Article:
Hallback & Holm Lead Strong Pechanga Card

BY David A. Avila ON February 04, 2008
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Several of the best female fighters in the world will be showing off their fistic talent including Chevelle Hallback, Holly Holm and Melissa Hernandez.

If you like female boxing, this is a “can’t miss” fight card.

Three world title bouts are featured at the Pechanga Resort and Casino on Thursday Feb. 7. The fight card that begins at 6:30 p.m. is promoted by Roy Englebrecht Events and IFBA.

The entire fight card is one of the strongest in the last two years.

“This all-California under card is a look into the future of women’s boxing,” stated Judy Kulis, IFBA president. “Some top young talent will be showcased.”

Holm (20-1-2), the current welterweight champion, is breaking out of her security blanket and heading toward new adventures. Only once in her career had she fought outside of New Mexico.

The tall redhead has captured junior welterweight, junior middleweight titles and beaten a number of contenders in various divisions. But all of those fights were in her home state with favorable conditions.

It says something that she is willing to fight in California.

“She’s willing to fight anybody,” said Sue Fox, editor-in-chief of WBAN, the premier female boxing site.

Facing Holm will be Puerto Rico’s Belinda Laracuente (23-19-3) a very formidable boxer who’s pretty much faced any female boxer that’s donned boxing gloves. She can fight.

Holm was voted Fighter of the Year by WBAN and has wins over Christy Martin, Mia St. John and Chevelle Hallback who is also on the fight card.

“She beat me,” said Hallback, a lightweight who fought Holm last year. “I’d love to fight her again.”

Like Holm, Hallback will fight anybody regardless of weight class.

In her last appearance, Hallback fought Terri Blair in a slugfest that took place at Pechanga and resulted in being named the Fight of the Year.

“Terri (Blair) had the kind of style that makes for good fights,” said Hallback (26-5-1, 11 KOs), who now lives in Tampa, Florida. “She goes forward and I just went for it.”

Hallback doesn’t get a break when she meets Bronx fighter Melissa “Hurricane” Hernandez (7-1-1) for the vacant IFBA lightweight title. Hernandez is the current GBU lightweight titleholder and a former junior featherweight world champion.

“It’s going to be an interesting fight,” Hallback says. “She’s a pretty good fighter.”

The Floridian formerly lived in Temecula so she should have a few fans in attendance. Aside from her current foe, Hallback really would like to show fans that she can fight better than shown against Holm last year.

“It’s great that Holly Holm is fighting on this card. She usually fights in New Mexico and who can blame her for just fighting there,” said Hallback. “I don’t know what happened, but that was not the real Chevelle Hallback that fought her.”

Crystal vs. Jennifer

In a six-round contest between Californians, Oxnard’s Crystal Morales meets Northridge’s Jennifer Barber in a lightweight battle between former amateur stars.

Morales participated on the Junior Olympics team for Mexico and successfully fought internationally.

“We’ve sparred before,” said Morales of Barber. “I know her style. I wanted a fight badly so I took this fight with her. Nobody wants to fight her.”

Barber is a former U.S. National Golden Gloves champion and is currently undefeated as a professional.

They aren’t ducking anybody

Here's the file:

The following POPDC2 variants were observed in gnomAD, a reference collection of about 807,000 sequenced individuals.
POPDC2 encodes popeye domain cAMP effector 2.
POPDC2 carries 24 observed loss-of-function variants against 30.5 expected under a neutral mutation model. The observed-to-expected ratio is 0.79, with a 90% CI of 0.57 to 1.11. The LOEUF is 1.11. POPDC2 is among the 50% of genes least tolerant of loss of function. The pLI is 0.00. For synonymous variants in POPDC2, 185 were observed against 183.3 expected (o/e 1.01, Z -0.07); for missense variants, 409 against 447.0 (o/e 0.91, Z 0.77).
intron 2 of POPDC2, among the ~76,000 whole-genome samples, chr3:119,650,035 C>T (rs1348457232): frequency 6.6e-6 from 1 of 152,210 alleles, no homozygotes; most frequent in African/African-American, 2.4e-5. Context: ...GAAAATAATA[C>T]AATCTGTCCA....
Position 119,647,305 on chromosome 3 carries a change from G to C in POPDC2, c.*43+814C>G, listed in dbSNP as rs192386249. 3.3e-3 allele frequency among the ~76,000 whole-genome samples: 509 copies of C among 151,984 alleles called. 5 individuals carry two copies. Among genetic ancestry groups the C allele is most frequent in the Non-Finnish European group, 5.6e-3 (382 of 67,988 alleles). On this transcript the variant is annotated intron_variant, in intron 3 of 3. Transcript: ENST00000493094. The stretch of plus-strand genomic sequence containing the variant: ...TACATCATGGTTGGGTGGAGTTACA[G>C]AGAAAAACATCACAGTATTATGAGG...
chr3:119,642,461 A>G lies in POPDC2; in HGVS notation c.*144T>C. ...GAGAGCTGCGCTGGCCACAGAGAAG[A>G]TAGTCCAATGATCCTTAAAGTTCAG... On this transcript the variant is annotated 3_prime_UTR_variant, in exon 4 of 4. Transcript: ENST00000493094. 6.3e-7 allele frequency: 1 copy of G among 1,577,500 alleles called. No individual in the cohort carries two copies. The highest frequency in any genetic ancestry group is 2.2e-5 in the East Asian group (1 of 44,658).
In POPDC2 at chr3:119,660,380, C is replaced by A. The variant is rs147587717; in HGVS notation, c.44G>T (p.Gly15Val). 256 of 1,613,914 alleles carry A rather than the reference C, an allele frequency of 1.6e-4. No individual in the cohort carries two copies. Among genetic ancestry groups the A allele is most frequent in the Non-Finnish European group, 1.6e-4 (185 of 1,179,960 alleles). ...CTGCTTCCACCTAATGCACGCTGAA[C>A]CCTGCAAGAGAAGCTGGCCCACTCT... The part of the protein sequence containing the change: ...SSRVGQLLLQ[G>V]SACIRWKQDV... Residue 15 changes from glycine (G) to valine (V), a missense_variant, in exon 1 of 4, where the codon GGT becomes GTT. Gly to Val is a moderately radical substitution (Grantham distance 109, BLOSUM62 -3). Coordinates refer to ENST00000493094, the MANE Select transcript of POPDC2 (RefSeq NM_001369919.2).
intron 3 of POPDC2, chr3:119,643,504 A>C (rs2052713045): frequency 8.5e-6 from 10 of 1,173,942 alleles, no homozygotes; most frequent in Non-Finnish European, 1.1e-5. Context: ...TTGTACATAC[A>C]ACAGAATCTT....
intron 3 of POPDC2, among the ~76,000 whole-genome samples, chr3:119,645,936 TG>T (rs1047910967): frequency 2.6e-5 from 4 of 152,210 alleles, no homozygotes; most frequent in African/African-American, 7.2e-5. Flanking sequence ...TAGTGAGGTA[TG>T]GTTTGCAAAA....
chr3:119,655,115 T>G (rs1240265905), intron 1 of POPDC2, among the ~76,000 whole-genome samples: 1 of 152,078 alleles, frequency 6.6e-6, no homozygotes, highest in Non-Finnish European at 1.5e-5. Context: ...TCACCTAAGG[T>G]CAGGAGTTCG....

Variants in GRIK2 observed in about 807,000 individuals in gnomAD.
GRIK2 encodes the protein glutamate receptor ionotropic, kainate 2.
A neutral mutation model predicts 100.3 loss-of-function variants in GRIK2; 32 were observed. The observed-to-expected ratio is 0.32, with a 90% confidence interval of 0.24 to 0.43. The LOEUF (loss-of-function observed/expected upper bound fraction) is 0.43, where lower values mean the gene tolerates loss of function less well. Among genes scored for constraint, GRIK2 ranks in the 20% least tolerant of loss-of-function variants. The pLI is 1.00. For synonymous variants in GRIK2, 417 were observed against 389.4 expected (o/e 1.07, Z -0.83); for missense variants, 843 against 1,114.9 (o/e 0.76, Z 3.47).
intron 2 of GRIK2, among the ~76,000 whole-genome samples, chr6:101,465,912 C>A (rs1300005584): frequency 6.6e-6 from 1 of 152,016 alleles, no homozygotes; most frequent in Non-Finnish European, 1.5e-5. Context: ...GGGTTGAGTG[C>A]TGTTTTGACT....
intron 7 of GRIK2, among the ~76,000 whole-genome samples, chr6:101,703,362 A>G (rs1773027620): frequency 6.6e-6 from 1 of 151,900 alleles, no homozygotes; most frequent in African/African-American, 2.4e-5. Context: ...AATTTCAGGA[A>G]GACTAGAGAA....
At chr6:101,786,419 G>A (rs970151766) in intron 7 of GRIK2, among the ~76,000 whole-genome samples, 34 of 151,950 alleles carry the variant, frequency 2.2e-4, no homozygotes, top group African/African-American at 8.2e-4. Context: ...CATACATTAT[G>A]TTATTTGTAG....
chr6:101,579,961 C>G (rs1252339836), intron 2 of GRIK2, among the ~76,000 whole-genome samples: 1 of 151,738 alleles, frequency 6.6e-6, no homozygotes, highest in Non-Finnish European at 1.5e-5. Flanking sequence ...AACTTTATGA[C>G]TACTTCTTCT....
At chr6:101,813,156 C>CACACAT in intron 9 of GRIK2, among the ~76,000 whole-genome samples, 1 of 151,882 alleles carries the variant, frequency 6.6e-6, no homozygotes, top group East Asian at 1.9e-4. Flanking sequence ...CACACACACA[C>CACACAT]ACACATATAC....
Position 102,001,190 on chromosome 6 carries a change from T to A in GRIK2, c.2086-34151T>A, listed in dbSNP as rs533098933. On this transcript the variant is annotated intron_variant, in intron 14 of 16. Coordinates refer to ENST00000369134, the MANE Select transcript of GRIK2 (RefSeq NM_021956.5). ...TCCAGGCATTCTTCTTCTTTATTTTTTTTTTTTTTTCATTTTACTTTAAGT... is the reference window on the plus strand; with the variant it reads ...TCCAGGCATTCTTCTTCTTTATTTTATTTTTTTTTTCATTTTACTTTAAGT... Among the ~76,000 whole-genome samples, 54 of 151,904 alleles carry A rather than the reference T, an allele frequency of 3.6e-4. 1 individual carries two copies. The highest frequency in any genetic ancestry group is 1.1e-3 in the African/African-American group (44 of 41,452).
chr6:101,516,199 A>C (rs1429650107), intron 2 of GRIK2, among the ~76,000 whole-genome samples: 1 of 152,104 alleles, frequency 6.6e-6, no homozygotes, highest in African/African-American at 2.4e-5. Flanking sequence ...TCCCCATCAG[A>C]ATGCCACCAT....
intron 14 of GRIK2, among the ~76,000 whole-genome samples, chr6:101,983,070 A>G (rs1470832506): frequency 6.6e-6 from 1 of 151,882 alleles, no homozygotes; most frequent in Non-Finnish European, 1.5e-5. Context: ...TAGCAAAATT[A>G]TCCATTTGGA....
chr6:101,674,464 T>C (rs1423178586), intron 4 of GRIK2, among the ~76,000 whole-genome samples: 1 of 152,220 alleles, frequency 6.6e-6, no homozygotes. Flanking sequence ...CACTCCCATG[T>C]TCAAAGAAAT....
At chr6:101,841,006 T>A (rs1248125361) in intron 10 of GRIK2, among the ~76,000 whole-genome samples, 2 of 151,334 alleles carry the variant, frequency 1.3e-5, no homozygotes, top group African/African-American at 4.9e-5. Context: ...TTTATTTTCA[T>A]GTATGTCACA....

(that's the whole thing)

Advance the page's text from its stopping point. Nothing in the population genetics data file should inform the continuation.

In women’s boxing you won’t find many undefeated fighters. Because of a dearth of female boxers, usually the best need to fight the best and spotless records usually mean a boxer has not fought quality opposition.

“It’s not like men,” said Mia St. John. “Since there are so few female fighters the good boxers have to fight other good boxers.”

Don Leonard, a boxing and MMA writer for a Southern California magazine, said female fighters do not care about undefeated records.

“Everybody loses a fight here and there,” Leonard said. “When you see losses on a women fighter’s record, it only means they’ve fought good people. They aren’t ducking anybody.”

Other fights

San Diego’s Carly Batey (3-2-2) has signed to face San Francisco’s Ana Julaton (1-0) in a bantamweight bout scheduled for six rounds.

Batey lost a close battle against Kaliesha West last summer but proved she can fight with anybody in her weight division. Julaton is diving into her second tough test after beating veteran Rita Valentini last November. It should be a close and gritty encounter.

World champion Lisa Brown (13-3-3) of Canada will be making a title defense against hard-hitting Jeri Sitzes of Missouri. It very well could be the best fight on the card.

Brown has an all action pressure style and Sitzes is all for that.

Sitzes (14-6-1, 6 KOs) loves to storm the palace with her two-fisted attack and usually wins her fights by knockout. She’s won nine consecutive bouts and hasn’t lost in three years.

“She’s a tough girl,” said James Pena, whose fighter Melinda Cooper fought Sitzes a couple of years ago in a taut battle.

Canada’s Brown captured the IFBA junior featherweight title by unanimous decision against New Mexico’s Jackie Chavez in her home state a year ago. She’s been unable to find an opponent in almost a year.

More exciting than men

Leonard, who follows both men and women prizefighting, says there’s something special about watching the female fighters.

“It’s hard to explain but it’s more exciting to watch women fight at the higher level,” said Leonard. “When you see their skill and intensity it makes the men fighters look boring. The women fighters are just more exciting than men.”

Fox Sports Network will be showing a replay of the Thursday fights from Pechanga on Friday night. Emmy-award winner Rich Marotta is providing the commentary.

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